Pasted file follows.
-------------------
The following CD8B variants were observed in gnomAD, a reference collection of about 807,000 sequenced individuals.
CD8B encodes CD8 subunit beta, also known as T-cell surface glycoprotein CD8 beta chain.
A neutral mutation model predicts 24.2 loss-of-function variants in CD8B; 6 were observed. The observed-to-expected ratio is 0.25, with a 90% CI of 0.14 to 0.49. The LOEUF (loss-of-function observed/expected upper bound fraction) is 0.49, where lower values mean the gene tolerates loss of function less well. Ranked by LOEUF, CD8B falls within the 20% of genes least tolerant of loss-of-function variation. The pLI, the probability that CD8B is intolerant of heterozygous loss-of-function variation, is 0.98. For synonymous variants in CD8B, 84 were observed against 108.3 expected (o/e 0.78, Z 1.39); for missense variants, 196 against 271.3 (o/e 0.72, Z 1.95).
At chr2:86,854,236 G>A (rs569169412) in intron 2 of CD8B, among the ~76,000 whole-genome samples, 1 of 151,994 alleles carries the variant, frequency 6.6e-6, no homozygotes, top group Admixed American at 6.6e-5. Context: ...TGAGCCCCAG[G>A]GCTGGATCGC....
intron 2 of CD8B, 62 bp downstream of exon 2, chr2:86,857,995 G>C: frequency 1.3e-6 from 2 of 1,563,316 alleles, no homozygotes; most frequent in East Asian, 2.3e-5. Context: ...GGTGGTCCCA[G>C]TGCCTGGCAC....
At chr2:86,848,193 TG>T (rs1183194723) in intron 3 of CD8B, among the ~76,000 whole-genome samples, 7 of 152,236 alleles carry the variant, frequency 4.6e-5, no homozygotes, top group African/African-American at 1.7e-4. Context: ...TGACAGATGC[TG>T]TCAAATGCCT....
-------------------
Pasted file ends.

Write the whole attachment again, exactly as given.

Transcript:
The following CD8B variants were observed in gnomAD, a reference collection of about 807,000 sequenced individuals.
CD8B encodes CD8 subunit beta, also known as T-cell surface glycoprotein CD8 beta chain.
A neutral mutation model predicts 24.2 loss-of-function variants in CD8B; 6 were observed. The observed-to-expected ratio is 0.25, with a 90% CI of 0.14 to 0.49. The LOEUF (loss-of-function observed/expected upper bound fraction) is 0.49, where lower values mean the gene tolerates loss of function less well. Ranked by LOEUF, CD8B falls within the 20% of genes least tolerant of loss-of-function variation. The pLI, the probability that CD8B is intolerant of heterozygous loss-of-function variation, is 0.98. For synonymous variants in CD8B, 84 were observed against 108.3 expected (o/e 0.78, Z 1.39); for missense variants, 196 against 271.3 (o/e 0.72, Z 1.95).
At chr2:86,854,236 G>A (rs569169412) in intron 2 of CD8B, among the ~76,000 whole-genome samples, 1 of 151,994 alleles carries the variant, frequency 6.6e-6, no homozygotes, top group Admixed American at 6.6e-5. Context: ...TGAGCCCCAG[G>A]GCTGGATCGC....
intron 2 of CD8B, 62 bp downstream of exon 2, chr2:86,857,995 G>C: frequency 1.3e-6 from 2 of 1,563,316 alleles, no homozygotes; most frequent in East Asian, 2.3e-5. Context: ...GGTGGTCCCA[G>C]TGCCTGGCAC....
At chr2:86,848,193 TG>T (rs1183194723) in intron 3 of CD8B, among the ~76,000 whole-genome samples, 7 of 152,236 alleles carry the variant, frequency 4.6e-5, no homozygotes, top group African/African-American at 1.7e-4. Context: ...TGACAGATGC[TG>T]TCAAATGCCT....